[0068] In this case, for the effective arrangement of the graphene 15 in the vertical direction, the substrate 11 is disposed on a lower side and the nozzle is disposed on an upper side so as to allow the graphene 15 to be effectively transferred to the substrate 11 by the gravity as well as the electric field. Also, it may be desirable to exclude other factors that obstruct the stacking of the graphene 15 in addition to the electric field. For example, as illustrated in FIG. 1, the nozzle is disposed parallel to the direction of gravity in order to exclude the effect of gravity, and the substrate 11 is disposed perpendicular to the direction of gravity.
[0069] In addition, since the graphene 15 is transferred by the electrospray in the present invention, the graphene 15 may be also easily and effectively applied to the large-area substrate 11. Thus, the present invention may improve the ease of processing and applicability.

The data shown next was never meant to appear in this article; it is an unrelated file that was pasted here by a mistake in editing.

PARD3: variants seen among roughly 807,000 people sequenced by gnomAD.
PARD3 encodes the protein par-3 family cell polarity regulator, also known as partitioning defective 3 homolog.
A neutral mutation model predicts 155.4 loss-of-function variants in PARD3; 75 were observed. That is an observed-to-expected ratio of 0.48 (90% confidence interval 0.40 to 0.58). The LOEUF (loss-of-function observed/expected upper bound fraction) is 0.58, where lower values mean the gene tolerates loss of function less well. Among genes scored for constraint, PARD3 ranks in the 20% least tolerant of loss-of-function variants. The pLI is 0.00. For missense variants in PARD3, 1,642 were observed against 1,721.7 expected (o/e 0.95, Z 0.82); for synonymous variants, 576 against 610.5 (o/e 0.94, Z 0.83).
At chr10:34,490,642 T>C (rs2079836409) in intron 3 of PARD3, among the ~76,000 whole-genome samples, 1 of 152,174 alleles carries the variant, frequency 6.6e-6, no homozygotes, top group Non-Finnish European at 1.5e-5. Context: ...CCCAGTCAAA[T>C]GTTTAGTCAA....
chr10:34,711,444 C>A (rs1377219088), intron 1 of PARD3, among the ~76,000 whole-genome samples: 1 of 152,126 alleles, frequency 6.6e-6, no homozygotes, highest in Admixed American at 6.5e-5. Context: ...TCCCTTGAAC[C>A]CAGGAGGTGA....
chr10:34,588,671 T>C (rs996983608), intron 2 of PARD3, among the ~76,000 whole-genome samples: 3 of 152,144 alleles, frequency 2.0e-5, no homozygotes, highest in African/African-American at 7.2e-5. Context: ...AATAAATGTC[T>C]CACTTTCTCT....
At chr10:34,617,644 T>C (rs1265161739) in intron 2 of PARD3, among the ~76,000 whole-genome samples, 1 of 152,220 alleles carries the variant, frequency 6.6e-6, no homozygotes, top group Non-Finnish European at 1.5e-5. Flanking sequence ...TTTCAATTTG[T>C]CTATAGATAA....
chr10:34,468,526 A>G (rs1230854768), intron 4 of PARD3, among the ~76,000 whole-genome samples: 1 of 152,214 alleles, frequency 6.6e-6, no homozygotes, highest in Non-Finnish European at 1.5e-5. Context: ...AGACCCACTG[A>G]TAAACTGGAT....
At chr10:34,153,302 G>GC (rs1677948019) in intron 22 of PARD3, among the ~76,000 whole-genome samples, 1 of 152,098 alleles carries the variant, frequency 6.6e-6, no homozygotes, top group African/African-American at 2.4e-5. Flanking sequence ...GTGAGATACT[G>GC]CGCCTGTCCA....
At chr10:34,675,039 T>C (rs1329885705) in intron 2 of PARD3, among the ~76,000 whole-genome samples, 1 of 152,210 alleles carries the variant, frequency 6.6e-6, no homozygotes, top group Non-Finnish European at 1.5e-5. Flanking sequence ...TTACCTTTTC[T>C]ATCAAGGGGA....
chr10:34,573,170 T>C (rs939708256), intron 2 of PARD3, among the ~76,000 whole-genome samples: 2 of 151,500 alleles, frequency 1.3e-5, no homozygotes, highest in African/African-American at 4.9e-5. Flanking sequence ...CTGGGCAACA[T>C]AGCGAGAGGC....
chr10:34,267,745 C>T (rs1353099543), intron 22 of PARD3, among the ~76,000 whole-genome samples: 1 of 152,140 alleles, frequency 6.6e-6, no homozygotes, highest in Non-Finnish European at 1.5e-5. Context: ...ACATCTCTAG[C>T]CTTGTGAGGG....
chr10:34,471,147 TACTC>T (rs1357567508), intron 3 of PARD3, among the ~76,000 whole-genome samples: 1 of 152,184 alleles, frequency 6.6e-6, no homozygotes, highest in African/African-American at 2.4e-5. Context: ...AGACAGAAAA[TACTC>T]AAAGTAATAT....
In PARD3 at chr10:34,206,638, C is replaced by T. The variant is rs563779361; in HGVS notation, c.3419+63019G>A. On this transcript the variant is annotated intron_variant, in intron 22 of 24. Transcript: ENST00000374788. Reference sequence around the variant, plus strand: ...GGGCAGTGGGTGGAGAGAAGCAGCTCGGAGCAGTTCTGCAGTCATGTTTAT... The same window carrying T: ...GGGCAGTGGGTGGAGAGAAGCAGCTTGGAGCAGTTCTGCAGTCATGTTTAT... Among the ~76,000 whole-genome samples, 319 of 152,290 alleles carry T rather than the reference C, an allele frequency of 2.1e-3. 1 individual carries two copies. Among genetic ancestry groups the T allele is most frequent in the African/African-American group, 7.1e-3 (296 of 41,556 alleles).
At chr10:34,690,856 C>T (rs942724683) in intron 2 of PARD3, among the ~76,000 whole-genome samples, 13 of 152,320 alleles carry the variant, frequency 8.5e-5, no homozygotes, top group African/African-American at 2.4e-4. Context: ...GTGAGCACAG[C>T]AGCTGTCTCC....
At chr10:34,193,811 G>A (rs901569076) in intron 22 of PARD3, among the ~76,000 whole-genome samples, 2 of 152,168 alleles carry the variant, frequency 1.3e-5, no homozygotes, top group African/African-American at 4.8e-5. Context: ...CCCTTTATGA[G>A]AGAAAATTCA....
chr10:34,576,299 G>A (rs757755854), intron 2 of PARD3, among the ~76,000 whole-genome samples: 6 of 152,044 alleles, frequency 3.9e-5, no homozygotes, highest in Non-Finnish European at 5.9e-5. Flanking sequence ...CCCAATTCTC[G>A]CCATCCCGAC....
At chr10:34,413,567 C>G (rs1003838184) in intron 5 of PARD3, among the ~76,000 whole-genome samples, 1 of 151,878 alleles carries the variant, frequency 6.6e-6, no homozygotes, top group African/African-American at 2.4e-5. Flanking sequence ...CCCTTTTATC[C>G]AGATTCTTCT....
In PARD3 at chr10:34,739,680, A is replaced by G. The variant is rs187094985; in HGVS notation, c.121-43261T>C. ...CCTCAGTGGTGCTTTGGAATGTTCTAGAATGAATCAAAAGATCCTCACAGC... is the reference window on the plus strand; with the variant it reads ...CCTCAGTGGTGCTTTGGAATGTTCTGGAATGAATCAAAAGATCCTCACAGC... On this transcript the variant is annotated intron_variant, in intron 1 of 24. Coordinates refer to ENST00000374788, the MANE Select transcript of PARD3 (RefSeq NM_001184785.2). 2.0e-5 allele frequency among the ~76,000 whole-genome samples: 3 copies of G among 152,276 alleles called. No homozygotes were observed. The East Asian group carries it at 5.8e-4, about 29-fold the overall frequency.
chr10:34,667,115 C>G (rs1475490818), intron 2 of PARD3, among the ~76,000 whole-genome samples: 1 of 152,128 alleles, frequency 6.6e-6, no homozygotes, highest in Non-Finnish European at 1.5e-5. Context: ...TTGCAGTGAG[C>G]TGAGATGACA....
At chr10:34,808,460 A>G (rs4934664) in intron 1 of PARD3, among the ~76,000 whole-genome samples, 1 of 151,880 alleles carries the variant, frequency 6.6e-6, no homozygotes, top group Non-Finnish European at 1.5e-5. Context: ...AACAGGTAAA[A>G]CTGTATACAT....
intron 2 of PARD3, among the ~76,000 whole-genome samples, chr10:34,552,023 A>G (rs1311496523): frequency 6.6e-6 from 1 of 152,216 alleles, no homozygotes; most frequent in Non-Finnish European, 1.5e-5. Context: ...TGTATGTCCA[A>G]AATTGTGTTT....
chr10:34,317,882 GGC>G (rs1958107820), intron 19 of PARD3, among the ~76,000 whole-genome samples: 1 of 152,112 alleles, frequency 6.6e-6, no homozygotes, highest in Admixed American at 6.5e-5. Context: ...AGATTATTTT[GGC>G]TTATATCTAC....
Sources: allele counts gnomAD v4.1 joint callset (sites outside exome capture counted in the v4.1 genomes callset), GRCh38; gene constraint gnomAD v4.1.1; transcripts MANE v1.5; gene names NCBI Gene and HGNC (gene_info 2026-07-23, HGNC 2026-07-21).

[0070] Next, a transparent electrode layer 13 is formed by injecting droplets of the conductive polymer solution and the graphene solution from the syringe 101a into the substrate 11.
[0071] The electrospray process of the conductive polymer solution and the graphene solution in the form of a separate or mixed solution is performed by a simultaneous injection, separate injection, or gradient injection process. For convenience, the separate injection process is illustrated in FIGS. 2 to 4.
[0072] When the simultaneous injection is performed, the graphene and conductive polymer are mixed together to form a transparent electrode thin film. When the separate injection is performed, the conductive solution is electrosprayed for a predetermined period of time and then the graphene solution is sequentially electrosprayed. Also, the gradient injection process is performed in such a manner that the conductive polymer solution is sprayed, the graphene solution is sprayed together, and the graphene solution is then sprayed alone.